The Australian Marine Conservation Society (AMCS) and Humane Society International (HSI) today expressed disappointment at the Senate’s failure to block a move by former Environment Minister Josh Frydenberg to deny protection to an endangered species in the World Heritage listed Great Barrier Reef.
Scalloped hammerhead sharks are endangered and were listed as ‘Conservation Dependant’ under Australian law earlier this year. The Conservation Dependent listing meant they could no longer be commercially targeted inside the Great Barrier Reef Marine Park. Minister Frydenberg amended Great Barrier Reef rules to strip away that protection. As a result, this species can continue to be fished even though it is more at risk of extinction than giant pandas, lions and polar bears.
Today the Senate voted on a motion from Greens Senator, Peter Whish-Wilson, to disallow the amendment and regrettably voted it down.
Scalloped hammerhead sharks are internationally recognised as an endangered species by the IUCN, but are targeted and caught in commercial fishing operations around the Australia. The largest fishery operates in the World Heritage listed Great Barrier Reef Marine Park.
“We are deeply disappointed the Australian Government has removed protection for scalloped hammerhead sharks in the Reef, the one place in Australia where endangered marine wildlife should be protected at all costs,” said Tooni Mahto, Campaigns Manager at AMCS. “Today was an opportunity to protect a species that has declined by up to 80% from original numbers in the Reef, but instead the Australian Government has opted to support continuation of fishing for these sharks.”
“The Minister’s decision to remove the additional protection the Great Barrier Reef laws gave to a threatened species is deeply concerning for protection of marine wildlife in the Reef,” said Lawrence Chlebeck, Marine Campaigner at HSI. “Healthy populations of sharks are essential to supporting the resilience and health of our Great Barrier Reef.”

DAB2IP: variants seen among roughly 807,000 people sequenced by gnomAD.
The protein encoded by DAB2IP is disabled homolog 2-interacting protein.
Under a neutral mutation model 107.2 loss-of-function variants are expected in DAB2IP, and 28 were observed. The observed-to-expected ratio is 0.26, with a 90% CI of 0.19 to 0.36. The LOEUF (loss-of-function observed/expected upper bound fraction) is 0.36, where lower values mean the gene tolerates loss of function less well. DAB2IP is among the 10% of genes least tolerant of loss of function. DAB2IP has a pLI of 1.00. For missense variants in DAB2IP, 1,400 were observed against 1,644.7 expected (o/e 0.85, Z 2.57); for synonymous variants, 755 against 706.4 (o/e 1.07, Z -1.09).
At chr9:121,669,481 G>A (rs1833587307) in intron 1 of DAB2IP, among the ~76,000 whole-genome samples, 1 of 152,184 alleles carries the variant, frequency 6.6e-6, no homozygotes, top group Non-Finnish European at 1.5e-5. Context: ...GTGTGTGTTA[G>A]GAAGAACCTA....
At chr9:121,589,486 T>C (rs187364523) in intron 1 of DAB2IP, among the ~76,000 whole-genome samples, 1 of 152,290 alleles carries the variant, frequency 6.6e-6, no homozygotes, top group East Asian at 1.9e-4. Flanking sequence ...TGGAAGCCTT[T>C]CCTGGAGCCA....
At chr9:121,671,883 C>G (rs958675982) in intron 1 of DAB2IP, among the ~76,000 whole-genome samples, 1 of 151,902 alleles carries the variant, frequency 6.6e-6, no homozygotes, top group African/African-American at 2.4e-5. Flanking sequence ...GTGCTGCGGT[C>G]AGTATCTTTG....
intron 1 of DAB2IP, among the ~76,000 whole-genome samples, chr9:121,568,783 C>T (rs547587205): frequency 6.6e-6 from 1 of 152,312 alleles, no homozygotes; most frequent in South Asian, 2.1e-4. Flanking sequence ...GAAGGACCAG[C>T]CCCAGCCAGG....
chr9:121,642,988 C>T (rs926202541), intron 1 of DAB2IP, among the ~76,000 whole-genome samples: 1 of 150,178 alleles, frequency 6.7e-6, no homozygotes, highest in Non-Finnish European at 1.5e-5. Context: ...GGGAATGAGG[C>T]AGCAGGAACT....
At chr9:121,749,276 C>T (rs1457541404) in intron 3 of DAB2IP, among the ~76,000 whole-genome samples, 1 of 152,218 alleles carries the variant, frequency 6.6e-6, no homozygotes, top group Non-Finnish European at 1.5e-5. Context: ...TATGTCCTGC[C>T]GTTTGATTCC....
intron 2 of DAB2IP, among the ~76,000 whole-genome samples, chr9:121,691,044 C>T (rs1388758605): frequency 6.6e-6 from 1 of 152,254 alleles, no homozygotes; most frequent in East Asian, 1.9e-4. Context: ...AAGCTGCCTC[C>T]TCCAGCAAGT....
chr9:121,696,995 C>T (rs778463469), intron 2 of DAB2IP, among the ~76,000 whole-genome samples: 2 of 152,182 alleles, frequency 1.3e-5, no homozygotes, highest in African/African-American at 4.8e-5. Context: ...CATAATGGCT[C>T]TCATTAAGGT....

“While it was made clear today that the Coalition Government are unwilling to find solutions to securing a better future for scalloped hammerhead sharks in the Reef, we welcome the support of the disallowance motion by the Opposition,” said Miss Mahto. “Strong environmental standards are urgently needed to protect the Reef and the wildlife that inhabits it, and the Oppositions commitment to working with the fishing industry in future to resolve this issue gives some hope for the future protection of this species.”
AMCS and HSI are calling on the Federal Environment Minister Melissa Price to commit funding to the targeted removal of fishing activity that is catching sharks in the Reef, as well as ensuring the fishery in which they are caught undergoes urgently needed reforms.
For comment or interviews with Tooni Mahto, contact:
Shane Cucow, AMCS Senior Communications Officer
0423 544 979 / [email protected]
For comment or interviews with Lawrence Chlebeck, contact:
Ben Vozzo, HSI Communications Coordinator
0450 258 057 / [email protected]
- Humane Society International nominated the scalloped hammerhead for protection as an endangered species under Australia’s national environment law. This nomination led to the Conservation Dependent listing.
- Scalloped hammerhead sharks were listed as a ‘Conservation Dependent’ species on the EPBC List of Threatened Fauna in April 2018 by then Minister for the Environment Josh Frydenberg. The listing category allows continued fishing for species that would normally qualify for stricter protection, but requires a management plan to be in place.
- Under the Great Barrier Reef Marine Park Act 1975 (GBRMPA), no targeted fishing for any species listed under any category, including Conservation Dependent, in the EPBC Act list of threatened fauna is allowed. Minister Frydenberg has tabled amendments to the GBRMPA regulations that would allow for the continued fishing of the scalloped hammerhead species within the Marine Park despite the Conservation Dependent listing.
- Greens Senator Peter Whish-Wilson tabled a disallowance motion in the Senate against the proposed amendments to change the GBRMPA regulations to allow continued fishing for the scalloped hammerhead.
- Scalloped hammerhead sharks are listed as ‘Endangered’ on the IUCN Red List